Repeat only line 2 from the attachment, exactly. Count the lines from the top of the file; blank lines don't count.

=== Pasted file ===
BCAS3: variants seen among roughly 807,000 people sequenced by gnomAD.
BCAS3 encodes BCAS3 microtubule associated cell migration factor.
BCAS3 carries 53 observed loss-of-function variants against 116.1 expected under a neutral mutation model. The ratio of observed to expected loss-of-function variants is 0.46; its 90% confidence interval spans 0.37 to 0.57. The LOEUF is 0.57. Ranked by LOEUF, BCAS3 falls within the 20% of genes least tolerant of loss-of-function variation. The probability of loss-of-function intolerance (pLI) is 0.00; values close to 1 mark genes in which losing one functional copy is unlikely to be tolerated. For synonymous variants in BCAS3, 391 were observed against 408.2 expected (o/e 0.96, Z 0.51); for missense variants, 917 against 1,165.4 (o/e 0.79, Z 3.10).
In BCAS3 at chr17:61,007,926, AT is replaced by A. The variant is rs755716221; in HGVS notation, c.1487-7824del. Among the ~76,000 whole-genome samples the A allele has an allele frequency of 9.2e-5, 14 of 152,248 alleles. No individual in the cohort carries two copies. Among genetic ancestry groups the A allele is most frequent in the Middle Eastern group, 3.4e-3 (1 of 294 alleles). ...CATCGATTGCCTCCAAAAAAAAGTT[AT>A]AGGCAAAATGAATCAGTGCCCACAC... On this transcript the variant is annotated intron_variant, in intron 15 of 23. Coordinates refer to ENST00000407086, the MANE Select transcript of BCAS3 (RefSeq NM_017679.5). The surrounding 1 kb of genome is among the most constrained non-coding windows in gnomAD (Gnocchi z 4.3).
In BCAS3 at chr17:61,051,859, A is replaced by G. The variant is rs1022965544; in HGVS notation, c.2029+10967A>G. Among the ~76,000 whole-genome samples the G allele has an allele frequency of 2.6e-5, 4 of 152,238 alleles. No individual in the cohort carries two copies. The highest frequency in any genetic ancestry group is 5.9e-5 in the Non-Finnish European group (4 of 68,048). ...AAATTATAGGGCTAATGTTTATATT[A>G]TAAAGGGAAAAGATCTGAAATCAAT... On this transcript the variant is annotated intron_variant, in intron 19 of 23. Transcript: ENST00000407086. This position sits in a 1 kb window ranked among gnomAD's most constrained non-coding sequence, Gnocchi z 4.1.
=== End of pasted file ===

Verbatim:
BCAS3 encodes BCAS3 microtubule associated cell migration factor.